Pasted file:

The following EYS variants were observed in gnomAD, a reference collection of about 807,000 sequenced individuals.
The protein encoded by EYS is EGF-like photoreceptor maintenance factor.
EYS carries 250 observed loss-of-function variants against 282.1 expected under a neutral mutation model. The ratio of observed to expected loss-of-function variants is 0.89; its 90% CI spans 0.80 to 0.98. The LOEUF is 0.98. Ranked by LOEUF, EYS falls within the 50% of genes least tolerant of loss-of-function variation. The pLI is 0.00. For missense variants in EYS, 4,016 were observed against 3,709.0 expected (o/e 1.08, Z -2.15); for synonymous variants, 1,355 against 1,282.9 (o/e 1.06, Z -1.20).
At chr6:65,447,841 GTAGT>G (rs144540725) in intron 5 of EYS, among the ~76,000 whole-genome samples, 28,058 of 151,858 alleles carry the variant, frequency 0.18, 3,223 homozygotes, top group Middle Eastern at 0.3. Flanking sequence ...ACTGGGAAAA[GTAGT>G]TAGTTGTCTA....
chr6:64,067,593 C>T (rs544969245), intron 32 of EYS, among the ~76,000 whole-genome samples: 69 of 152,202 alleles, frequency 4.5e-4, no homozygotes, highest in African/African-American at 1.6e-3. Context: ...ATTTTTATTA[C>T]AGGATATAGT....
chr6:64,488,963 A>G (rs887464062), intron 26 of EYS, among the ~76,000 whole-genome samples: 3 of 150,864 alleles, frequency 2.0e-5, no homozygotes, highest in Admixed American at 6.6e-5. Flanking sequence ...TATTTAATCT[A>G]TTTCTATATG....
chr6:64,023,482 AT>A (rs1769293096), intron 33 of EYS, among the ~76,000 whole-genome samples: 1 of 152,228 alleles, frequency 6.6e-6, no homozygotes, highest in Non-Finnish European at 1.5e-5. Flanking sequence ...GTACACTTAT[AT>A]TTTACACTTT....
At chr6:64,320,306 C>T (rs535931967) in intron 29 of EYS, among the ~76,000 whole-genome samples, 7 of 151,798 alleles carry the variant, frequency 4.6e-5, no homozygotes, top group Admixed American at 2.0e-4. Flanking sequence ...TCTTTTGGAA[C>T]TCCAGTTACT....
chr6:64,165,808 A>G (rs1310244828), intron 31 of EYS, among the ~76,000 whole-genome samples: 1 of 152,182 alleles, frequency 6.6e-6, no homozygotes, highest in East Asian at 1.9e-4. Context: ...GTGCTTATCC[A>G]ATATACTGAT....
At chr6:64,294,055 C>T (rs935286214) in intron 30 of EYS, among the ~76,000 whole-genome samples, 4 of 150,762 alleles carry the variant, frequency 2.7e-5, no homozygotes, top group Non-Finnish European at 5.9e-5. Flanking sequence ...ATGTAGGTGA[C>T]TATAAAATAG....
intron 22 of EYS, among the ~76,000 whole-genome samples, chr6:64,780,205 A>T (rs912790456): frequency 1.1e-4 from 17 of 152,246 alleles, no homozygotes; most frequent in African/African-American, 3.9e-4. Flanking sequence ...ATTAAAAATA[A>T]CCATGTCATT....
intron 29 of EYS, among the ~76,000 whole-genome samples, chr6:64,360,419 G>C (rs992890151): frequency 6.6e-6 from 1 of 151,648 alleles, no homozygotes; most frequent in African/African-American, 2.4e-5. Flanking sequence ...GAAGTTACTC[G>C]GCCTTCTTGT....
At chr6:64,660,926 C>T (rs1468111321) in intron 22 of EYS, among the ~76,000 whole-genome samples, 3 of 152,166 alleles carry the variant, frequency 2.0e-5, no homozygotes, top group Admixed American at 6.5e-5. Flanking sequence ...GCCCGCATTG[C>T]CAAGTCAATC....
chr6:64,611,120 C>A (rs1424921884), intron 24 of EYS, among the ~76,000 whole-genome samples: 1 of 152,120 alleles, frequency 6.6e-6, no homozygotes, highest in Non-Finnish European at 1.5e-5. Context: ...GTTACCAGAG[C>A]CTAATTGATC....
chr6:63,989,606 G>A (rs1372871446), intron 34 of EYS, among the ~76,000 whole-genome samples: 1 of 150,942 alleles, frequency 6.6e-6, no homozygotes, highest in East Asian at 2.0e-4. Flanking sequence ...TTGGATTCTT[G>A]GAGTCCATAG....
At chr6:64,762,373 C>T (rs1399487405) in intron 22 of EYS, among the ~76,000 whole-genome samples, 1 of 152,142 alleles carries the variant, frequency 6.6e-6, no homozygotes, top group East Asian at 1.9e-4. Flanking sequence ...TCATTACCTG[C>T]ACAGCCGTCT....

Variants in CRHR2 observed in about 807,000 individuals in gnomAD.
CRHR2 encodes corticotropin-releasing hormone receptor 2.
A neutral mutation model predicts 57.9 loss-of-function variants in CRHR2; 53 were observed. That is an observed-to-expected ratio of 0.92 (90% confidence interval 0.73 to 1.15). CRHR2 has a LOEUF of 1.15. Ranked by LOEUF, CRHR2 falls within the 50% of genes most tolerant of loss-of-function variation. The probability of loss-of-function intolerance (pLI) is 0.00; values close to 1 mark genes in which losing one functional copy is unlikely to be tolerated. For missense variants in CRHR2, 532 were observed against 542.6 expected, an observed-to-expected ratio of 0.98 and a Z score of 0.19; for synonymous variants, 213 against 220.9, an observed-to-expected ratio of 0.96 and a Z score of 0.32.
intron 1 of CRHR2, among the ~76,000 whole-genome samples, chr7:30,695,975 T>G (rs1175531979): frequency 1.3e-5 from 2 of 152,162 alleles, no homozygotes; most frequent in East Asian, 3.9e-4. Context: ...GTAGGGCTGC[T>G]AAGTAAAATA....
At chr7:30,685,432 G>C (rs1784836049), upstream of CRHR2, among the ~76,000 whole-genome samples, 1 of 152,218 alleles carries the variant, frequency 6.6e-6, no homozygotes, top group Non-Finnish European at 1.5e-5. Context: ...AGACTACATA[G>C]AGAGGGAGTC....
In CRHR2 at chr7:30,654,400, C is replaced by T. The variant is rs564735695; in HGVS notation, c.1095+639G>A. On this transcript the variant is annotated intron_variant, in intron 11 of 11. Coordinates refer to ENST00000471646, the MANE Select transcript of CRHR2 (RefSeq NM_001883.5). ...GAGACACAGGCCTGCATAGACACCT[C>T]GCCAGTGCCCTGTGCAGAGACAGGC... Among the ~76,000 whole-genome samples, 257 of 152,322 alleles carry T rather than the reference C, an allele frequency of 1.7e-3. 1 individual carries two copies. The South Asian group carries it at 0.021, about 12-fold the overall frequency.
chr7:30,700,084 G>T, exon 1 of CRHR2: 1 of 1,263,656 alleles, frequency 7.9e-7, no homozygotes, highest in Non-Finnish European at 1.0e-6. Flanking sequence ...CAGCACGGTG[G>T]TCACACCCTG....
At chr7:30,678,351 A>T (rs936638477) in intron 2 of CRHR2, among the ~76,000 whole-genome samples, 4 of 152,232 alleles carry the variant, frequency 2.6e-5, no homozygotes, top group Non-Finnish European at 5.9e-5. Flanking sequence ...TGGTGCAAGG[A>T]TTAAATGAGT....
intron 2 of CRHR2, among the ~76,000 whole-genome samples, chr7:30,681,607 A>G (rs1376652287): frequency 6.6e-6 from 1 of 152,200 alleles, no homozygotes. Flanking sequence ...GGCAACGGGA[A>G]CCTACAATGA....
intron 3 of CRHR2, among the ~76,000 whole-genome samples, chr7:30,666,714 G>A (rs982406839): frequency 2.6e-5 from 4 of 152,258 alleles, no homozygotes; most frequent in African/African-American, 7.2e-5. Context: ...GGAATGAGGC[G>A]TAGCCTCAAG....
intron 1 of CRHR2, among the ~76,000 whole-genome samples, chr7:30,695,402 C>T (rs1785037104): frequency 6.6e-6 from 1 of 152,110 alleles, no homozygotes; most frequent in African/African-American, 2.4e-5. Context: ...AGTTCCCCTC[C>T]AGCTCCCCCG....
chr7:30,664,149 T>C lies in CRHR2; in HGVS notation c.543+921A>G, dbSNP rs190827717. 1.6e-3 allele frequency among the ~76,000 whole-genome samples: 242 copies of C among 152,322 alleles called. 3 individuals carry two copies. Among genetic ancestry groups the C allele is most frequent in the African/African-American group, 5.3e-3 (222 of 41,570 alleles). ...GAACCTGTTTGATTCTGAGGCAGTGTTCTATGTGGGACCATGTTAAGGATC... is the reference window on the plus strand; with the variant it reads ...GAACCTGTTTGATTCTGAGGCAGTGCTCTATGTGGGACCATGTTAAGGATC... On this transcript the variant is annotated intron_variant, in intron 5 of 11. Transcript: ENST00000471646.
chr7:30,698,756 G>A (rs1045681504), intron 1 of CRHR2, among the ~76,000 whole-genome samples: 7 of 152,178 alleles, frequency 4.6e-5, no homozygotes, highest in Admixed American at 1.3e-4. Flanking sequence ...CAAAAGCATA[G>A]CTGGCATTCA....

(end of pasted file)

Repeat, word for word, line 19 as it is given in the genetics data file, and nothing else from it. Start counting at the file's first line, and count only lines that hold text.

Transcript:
A neutral mutation model predicts 57.9 loss-of-function variants in CRHR2; 53 were observed. That is an observed-to-expected ratio of 0.92 (90% confidence interval 0.73 to 1.15). CRHR2 has a LOEUF of 1.15. Ranked by LOEUF, CRHR2 falls within the 50% of genes most tolerant of loss-of-function variation. The probability of loss-of-function intolerance (pLI) is 0.00; values close to 1 mark genes in which losing one functional copy is unlikely to be tolerated. For missense variants in CRHR2, 532 were observed against 542.6 expected, an observed-to-expected ratio of 0.98 and a Z score of 0.19; for synonymous variants, 213 against 220.9, an observed-to-expected ratio of 0.96 and a Z score of 0.32.